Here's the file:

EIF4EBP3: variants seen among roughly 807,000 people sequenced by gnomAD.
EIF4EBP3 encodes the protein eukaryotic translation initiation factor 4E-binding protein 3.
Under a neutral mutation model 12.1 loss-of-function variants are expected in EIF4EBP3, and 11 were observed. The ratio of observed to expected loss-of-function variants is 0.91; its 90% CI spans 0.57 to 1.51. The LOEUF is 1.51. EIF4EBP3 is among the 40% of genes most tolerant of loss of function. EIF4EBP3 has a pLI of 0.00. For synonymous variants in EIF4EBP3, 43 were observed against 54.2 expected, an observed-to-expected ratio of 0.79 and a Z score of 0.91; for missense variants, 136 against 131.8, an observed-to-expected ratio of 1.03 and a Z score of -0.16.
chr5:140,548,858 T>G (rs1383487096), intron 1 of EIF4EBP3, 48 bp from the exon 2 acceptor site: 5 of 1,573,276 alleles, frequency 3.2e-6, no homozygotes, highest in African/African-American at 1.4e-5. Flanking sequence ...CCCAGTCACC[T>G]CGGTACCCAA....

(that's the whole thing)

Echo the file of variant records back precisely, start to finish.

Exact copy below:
EIF4EBP3: variants seen among roughly 807,000 people sequenced by gnomAD.
EIF4EBP3 encodes the protein eukaryotic translation initiation factor 4E-binding protein 3.
Under a neutral mutation model 12.1 loss-of-function variants are expected in EIF4EBP3, and 11 were observed. The ratio of observed to expected loss-of-function variants is 0.91; its 90% CI spans 0.57 to 1.51. The LOEUF is 1.51. EIF4EBP3 is among the 40% of genes most tolerant of loss of function. EIF4EBP3 has a pLI of 0.00. For synonymous variants in EIF4EBP3, 43 were observed against 54.2 expected, an observed-to-expected ratio of 0.79 and a Z score of 0.91; for missense variants, 136 against 131.8, an observed-to-expected ratio of 1.03 and a Z score of -0.16.
chr5:140,548,858 T>G (rs1383487096), intron 1 of EIF4EBP3, 48 bp from the exon 2 acceptor site: 5 of 1,573,276 alleles, frequency 3.2e-6, no homozygotes, highest in African/African-American at 1.4e-5. Flanking sequence ...CCCAGTCACC[T>G]CGGTACCCAA....